once a week 156 14.5
26-51 times per year 72 6.7
13-25 times per year 94 8.7
6-12 times per year 232 21.5
1-5 times per year 396 36.7
Total 1737 100.0
      Figure 11. Frequency of additional therapy in the 12 countries

About a third of the respondents receiving additional therapy on a weekly basis but also more than a third of the respondents only receives less than one additional treatment every two months on average (table 7). Figure 11 presents the variation between countries with respect to the frequency of additional therapy. The red bars indicating that respondents of Sweden, Spain and UK receiving treatment only 1 to 5 times a year is relatively large: 43%, 46% and 49% respectively. In Italy the provision of additional therapy is higher: 80% of the respondents receives additional therapy at least once a week or more often.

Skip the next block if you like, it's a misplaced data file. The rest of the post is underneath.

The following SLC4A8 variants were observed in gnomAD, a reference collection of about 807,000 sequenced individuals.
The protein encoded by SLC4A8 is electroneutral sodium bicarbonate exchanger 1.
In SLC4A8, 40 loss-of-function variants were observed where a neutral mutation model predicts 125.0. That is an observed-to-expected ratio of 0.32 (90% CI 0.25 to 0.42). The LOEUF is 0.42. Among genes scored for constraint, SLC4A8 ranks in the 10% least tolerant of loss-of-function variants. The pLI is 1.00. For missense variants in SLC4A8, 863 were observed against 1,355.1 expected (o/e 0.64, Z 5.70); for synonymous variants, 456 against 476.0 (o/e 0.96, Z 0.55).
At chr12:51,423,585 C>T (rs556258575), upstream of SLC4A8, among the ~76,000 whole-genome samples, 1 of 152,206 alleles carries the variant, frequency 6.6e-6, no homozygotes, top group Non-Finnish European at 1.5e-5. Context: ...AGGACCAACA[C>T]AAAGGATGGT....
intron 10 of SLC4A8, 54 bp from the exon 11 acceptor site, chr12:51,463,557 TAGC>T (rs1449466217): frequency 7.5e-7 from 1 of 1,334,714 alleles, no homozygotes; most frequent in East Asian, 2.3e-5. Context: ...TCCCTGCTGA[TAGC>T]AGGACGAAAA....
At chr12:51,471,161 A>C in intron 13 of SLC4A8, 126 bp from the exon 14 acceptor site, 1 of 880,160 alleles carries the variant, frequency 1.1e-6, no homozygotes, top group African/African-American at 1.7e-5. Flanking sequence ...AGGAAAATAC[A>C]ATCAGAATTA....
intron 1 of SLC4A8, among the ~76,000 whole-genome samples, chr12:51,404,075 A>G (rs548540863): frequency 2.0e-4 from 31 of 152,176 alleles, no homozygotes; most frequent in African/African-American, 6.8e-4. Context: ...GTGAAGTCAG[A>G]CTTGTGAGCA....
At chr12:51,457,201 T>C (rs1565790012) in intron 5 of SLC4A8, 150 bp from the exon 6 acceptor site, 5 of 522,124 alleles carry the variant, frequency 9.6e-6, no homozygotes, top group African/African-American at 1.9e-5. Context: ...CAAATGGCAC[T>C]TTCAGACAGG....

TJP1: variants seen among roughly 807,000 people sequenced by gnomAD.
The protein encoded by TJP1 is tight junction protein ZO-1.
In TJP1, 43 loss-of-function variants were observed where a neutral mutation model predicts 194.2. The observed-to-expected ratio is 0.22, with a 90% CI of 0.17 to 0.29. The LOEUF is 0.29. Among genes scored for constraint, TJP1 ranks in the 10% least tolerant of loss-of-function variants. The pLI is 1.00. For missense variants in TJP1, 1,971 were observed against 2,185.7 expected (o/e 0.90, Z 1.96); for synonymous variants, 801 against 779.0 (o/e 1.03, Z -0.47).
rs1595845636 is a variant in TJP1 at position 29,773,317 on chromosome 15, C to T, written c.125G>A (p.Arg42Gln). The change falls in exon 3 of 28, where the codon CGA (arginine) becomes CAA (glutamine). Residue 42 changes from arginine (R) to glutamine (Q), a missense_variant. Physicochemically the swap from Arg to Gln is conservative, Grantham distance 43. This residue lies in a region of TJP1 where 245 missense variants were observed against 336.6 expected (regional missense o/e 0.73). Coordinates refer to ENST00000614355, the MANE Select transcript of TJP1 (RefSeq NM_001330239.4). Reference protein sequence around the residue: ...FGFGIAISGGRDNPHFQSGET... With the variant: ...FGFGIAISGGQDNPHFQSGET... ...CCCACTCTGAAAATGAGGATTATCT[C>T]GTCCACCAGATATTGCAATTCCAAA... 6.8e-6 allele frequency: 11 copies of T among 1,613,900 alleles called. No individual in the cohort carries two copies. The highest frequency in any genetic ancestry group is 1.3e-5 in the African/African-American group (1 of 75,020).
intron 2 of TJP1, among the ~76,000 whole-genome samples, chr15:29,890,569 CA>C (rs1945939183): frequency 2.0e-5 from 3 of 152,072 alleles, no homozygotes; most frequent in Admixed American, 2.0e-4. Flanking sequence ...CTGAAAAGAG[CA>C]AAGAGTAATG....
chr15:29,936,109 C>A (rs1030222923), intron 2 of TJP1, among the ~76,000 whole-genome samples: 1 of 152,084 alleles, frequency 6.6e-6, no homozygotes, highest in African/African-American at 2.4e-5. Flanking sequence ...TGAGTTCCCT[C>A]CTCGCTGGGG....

What was the satisfaction with the treatment received?

Respondents were asked to what extent the treatment they received matched their expectations. The majority of the respondents report that the treatment was not as good as they expected (green bar in figure 12). Analyses over the total sample showed that 78% of the respondents who received treatment expressed that their treatment was not as good as they expected. Especially in Spain there was a large number of respondents where the treatment did not met their expectations.

Figure 12. Percentage respondents agreeing that their treatment matched their expectations
  • Patient involvement

 Next to the use of health care services, respondents were asked to what extent they were involved in any form of support for their condition and to what extent they found this support helpful.